Seven of the nine members of Newark’s elected school board said they would go to court to seek the end of the city’s school reorganization plan known as “One Newark,” the dismissal of state-imposed school superintendent Cami Anderson, and the return of local control of a district seized by the state in 1995. The board members contend Anderson has violated both school board policy and fire safety codes.
“We will not wait until they destroy Newark’s public schools, ” declared Ariagna Perello, the vice chair of the school board in a new conference on the steps of City Hall.
Four other board members–Antoinette Baskerville-Richardson, Philip Seelinger, Donald Jackson, and Marquis-Aquil Lewis–joined in the news conference. Statements in support of the board action by members DeNiqua Matias and Kahlil Rashidi were read by Perello.
Board president Rashon Hasan, viewed as an Anderson ally, and member Rashied McCreary did not join their colleagues in condemning the superintendent and the man who appointed her, Gov. Chris Christie. McCreary is a teacher at the KIPP charter school chain; charter schools have been major beneficiaries of the public school closing and student dispersal plan Anderson called “One Newark.”
The board members, led by Perello, expressed increased frustration with the chaos that attended the opening of school under the “One Newark” plan earlier this month. She cited the problems at Barringer High School where many students have not received their schedules, classrooms are overcrowded and do not have enough chairs, uncertified teachers serve as instructors, and students have been denied food at lunch or breakfast, sometimes both.
“I was there,” said the school board member, “and I saw it.” She introduced three students from Barringer who recited problems at the school. On the last possible day of the last school year, Anderson fired Barringer principal Wayne Dennis, a man she had just hired the year before, someone who was considered an Anderson loyalist.
Perello said Anderson has been lying about the conditions of the Newark schools and dismissed her claims about a peaceful opening “a fairy tale.”
Baskerville-Richardson said she believed school board policies could not be arbitrarily repealed by Anderson on her own. She distributed copies of policies requiring students to be placed in the school nearest their home.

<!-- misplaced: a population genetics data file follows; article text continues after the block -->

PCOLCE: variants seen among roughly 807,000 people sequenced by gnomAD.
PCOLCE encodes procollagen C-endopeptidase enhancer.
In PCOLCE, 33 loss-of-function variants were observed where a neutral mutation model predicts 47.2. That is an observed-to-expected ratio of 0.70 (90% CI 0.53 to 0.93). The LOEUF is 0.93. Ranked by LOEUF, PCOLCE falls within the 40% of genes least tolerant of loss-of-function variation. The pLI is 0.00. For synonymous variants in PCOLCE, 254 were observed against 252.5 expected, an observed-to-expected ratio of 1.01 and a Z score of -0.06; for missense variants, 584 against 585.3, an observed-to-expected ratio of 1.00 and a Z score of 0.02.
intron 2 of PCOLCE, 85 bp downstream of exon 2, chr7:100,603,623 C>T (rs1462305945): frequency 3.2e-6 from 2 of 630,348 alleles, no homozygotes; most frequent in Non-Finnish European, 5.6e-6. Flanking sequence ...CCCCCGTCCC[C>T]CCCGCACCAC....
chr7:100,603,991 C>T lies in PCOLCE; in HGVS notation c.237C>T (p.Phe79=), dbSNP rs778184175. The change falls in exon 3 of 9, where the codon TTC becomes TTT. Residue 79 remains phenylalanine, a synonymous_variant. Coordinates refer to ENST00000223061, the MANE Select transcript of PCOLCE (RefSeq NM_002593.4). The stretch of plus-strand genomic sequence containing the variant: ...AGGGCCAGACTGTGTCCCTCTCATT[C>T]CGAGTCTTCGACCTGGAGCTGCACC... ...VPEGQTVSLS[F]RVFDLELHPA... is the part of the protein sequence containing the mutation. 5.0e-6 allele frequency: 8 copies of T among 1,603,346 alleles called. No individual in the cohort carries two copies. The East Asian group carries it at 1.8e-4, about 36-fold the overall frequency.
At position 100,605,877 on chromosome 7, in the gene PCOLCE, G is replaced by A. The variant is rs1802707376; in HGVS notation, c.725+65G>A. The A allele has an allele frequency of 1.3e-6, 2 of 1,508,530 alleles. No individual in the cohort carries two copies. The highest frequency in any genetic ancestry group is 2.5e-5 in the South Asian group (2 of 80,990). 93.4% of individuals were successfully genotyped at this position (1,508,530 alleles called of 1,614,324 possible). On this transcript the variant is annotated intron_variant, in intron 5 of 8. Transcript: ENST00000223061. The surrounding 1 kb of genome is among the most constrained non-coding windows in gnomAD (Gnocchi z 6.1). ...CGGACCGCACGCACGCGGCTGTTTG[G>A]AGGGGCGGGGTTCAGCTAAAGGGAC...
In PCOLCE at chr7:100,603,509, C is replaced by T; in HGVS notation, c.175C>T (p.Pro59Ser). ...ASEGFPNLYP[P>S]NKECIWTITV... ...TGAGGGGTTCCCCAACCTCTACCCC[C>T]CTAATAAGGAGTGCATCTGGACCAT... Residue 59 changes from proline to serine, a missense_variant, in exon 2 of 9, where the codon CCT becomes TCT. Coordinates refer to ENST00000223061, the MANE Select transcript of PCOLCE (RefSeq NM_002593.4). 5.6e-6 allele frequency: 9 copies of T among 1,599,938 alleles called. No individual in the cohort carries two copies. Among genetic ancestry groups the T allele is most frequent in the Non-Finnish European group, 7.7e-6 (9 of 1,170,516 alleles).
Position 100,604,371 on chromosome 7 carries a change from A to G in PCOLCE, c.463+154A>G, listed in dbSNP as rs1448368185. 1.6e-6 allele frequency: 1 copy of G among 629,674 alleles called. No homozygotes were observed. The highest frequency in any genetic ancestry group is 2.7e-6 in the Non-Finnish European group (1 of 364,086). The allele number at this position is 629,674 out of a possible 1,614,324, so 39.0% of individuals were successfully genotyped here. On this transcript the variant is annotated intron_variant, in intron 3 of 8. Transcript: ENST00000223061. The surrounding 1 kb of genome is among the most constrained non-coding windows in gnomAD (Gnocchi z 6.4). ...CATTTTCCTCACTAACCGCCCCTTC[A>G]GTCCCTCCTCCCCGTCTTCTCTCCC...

“We, the majority of the members of the Newark Board of Education, cannot and will not act as if what is happening to our schools is normal. It is abnormal, it is perverse, it is not to be tolerated, and it must end now.”
She called on state Education Commissioner David Hespe to intervene and direct Anderson to comply with school board policies. Hespe, who had served earlier as education commissioner, was widely viewed as someone who would curb Anderson’s excesses. But, after misleading many in the city about removing Anderson–including Mayor Ras Baraka–Hespe offered Anderson a three-year contract renewal. He has done nothing to restrain her and her plan and he even showed up on the first day of school to praise her.
Board member Philip Seelinger contended the schools had been taken over “by crazy people” and called for Anderson’s ouster. Donald Jackson referred to the “One Newark” plan as “this monster that divides our community.”
Lewis pointed out that, 10 days after school began, many children still have not found places in schools. He said Anderson was operating the school system “illegally.”
Although opposition to Anderson by the school board is not new, the City Hall press conference was important for two reasons. The first was the effort to find new grounds to block “One Newark”–in this case, the policies that contravene Anderson’s plan. Baraka, a consistent critic of Anderson, could cause substantial problems if he began invoking strict compliance with fire codes in the schools.
Members of the board cited support form Baraka and noted that Lauren Wells, the mayor’s chief school policy adviser, had been “helpful” to them.
The second was the broad diversity of the groups and communities represented by the board members and other speakers. Representatives of all wards there, black and white, and it showed that opposition to Anderson was not limited to one area of the city. Unions and parent and student groups also were represented.
Baskerville-Richardson, a former school board president, said the exact shape and timing of the legal challenge to Anderson still had not been decide but would be soon.
“We can tell you it will happen as soon as possible,” she said.